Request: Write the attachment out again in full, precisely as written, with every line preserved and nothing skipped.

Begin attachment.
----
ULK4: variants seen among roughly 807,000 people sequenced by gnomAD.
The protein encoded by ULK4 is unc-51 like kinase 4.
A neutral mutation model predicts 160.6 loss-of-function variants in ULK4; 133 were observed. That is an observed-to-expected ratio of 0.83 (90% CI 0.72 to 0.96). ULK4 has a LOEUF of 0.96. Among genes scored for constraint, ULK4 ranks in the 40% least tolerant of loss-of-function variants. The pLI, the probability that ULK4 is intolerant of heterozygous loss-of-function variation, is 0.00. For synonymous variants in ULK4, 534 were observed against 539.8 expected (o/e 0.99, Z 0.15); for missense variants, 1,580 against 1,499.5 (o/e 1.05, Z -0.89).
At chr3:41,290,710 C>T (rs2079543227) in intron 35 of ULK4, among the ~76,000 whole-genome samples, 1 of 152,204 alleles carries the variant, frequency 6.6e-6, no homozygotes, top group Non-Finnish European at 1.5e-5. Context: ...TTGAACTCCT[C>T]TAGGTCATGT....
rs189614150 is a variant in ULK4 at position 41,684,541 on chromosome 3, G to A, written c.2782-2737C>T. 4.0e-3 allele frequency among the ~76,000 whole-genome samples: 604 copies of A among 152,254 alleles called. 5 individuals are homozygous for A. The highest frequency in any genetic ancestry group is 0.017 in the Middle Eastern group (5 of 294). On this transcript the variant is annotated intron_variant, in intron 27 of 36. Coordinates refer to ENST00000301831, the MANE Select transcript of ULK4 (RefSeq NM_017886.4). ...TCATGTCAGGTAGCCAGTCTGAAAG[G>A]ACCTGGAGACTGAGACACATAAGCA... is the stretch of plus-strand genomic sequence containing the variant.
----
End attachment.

ULK4: variants seen among roughly 807,000 people sequenced by gnomAD.
The protein encoded by ULK4 is unc-51 like kinase 4.
A neutral mutation model predicts 160.6 loss-of-function variants in ULK4; 133 were observed. That is an observed-to-expected ratio of 0.83 (90% CI 0.72 to 0.96). ULK4 has a LOEUF of 0.96. Among genes scored for constraint, ULK4 ranks in the 40% least tolerant of loss-of-function variants. The pLI, the probability that ULK4 is intolerant of heterozygous loss-of-function variation, is 0.00. For synonymous variants in ULK4, 534 were observed against 539.8 expected (o/e 0.99, Z 0.15); for missense variants, 1,580 against 1,499.5 (o/e 1.05, Z -0.89).
At chr3:41,290,710 C>T (rs2079543227) in intron 35 of ULK4, among the ~76,000 whole-genome samples, 1 of 152,204 alleles carries the variant, frequency 6.6e-6, no homozygotes, top group Non-Finnish European at 1.5e-5. Context: ...TTGAACTCCT[C>T]TAGGTCATGT....
rs189614150 is a variant in ULK4 at position 41,684,541 on chromosome 3, G to A, written c.2782-2737C>T. 4.0e-3 allele frequency among the ~76,000 whole-genome samples: 604 copies of A among 152,254 alleles called. 5 individuals are homozygous for A. The highest frequency in any genetic ancestry group is 0.017 in the Middle Eastern group (5 of 294). On this transcript the variant is annotated intron_variant, in intron 27 of 36. Coordinates refer to ENST00000301831, the MANE Select transcript of ULK4 (RefSeq NM_017886.4). ...TCATGTCAGGTAGCCAGTCTGAAAG[G>A]ACCTGGAGACTGAGACACATAAGCA... is the stretch of plus-strand genomic sequence containing the variant.